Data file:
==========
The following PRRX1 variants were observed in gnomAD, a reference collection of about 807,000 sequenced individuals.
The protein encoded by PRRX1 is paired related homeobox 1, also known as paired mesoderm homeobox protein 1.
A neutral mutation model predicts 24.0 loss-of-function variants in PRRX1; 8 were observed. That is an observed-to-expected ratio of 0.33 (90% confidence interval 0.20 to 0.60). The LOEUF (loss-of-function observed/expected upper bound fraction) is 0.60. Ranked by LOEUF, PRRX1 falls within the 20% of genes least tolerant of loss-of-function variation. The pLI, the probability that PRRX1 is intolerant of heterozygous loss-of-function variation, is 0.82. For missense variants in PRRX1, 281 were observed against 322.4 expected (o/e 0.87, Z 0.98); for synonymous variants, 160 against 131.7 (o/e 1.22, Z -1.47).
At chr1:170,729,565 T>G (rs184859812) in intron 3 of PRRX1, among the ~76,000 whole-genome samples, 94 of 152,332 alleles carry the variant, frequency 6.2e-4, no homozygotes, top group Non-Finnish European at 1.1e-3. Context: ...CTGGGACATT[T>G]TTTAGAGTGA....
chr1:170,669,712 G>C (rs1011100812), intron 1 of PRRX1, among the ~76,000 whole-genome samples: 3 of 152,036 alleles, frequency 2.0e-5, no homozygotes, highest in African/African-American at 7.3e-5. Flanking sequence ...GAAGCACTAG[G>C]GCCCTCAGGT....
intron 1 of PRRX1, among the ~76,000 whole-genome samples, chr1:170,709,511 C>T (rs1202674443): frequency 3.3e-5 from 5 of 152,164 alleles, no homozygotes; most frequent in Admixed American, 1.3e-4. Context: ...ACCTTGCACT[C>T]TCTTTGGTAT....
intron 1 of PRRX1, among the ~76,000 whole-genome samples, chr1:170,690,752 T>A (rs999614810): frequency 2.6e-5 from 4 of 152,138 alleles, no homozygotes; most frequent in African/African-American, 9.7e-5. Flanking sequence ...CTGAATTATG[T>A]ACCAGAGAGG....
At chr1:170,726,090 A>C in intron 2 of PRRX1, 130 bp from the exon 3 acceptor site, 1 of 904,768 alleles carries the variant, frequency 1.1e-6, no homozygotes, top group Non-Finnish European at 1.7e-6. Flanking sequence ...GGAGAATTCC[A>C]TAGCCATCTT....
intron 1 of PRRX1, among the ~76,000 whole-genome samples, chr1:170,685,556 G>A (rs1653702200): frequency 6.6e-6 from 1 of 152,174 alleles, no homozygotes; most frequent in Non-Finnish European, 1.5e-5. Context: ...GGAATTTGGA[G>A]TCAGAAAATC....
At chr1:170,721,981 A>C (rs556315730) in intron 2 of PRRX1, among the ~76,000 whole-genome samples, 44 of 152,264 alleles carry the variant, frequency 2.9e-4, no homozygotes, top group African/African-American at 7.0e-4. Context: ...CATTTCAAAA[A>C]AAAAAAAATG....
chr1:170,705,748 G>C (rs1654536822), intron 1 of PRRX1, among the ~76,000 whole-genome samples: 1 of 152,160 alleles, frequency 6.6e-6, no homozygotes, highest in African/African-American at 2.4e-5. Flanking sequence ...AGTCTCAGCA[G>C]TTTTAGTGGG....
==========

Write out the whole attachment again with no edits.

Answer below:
The following PRRX1 variants were observed in gnomAD, a reference collection of about 807,000 sequenced individuals.
The protein encoded by PRRX1 is paired related homeobox 1, also known as paired mesoderm homeobox protein 1.
A neutral mutation model predicts 24.0 loss-of-function variants in PRRX1; 8 were observed. That is an observed-to-expected ratio of 0.33 (90% confidence interval 0.20 to 0.60). The LOEUF (loss-of-function observed/expected upper bound fraction) is 0.60. Ranked by LOEUF, PRRX1 falls within the 20% of genes least tolerant of loss-of-function variation. The pLI, the probability that PRRX1 is intolerant of heterozygous loss-of-function variation, is 0.82. For missense variants in PRRX1, 281 were observed against 322.4 expected (o/e 0.87, Z 0.98); for synonymous variants, 160 against 131.7 (o/e 1.22, Z -1.47).
At chr1:170,729,565 T>G (rs184859812) in intron 3 of PRRX1, among the ~76,000 whole-genome samples, 94 of 152,332 alleles carry the variant, frequency 6.2e-4, no homozygotes, top group Non-Finnish European at 1.1e-3. Context: ...CTGGGACATT[T>G]TTTAGAGTGA....
chr1:170,669,712 G>C (rs1011100812), intron 1 of PRRX1, among the ~76,000 whole-genome samples: 3 of 152,036 alleles, frequency 2.0e-5, no homozygotes, highest in African/African-American at 7.3e-5. Flanking sequence ...GAAGCACTAG[G>C]GCCCTCAGGT....
intron 1 of PRRX1, among the ~76,000 whole-genome samples, chr1:170,709,511 C>T (rs1202674443): frequency 3.3e-5 from 5 of 152,164 alleles, no homozygotes; most frequent in Admixed American, 1.3e-4. Context: ...ACCTTGCACT[C>T]TCTTTGGTAT....
intron 1 of PRRX1, among the ~76,000 whole-genome samples, chr1:170,690,752 T>A (rs999614810): frequency 2.6e-5 from 4 of 152,138 alleles, no homozygotes; most frequent in African/African-American, 9.7e-5. Flanking sequence ...CTGAATTATG[T>A]ACCAGAGAGG....
At chr1:170,726,090 A>C in intron 2 of PRRX1, 130 bp from the exon 3 acceptor site, 1 of 904,768 alleles carries the variant, frequency 1.1e-6, no homozygotes, top group Non-Finnish European at 1.7e-6. Flanking sequence ...GGAGAATTCC[A>C]TAGCCATCTT....
intron 1 of PRRX1, among the ~76,000 whole-genome samples, chr1:170,685,556 G>A (rs1653702200): frequency 6.6e-6 from 1 of 152,174 alleles, no homozygotes; most frequent in Non-Finnish European, 1.5e-5. Context: ...GGAATTTGGA[G>A]TCAGAAAATC....
At chr1:170,721,981 A>C (rs556315730) in intron 2 of PRRX1, among the ~76,000 whole-genome samples, 44 of 152,264 alleles carry the variant, frequency 2.9e-4, no homozygotes, top group African/African-American at 7.0e-4. Context: ...CATTTCAAAA[A>C]AAAAAAAATG....
chr1:170,705,748 G>C (rs1654536822), intron 1 of PRRX1, among the ~76,000 whole-genome samples: 1 of 152,160 alleles, frequency 6.6e-6, no homozygotes, highest in African/African-American at 2.4e-5. Flanking sequence ...AGTCTCAGCA[G>C]TTTTAGTGGG....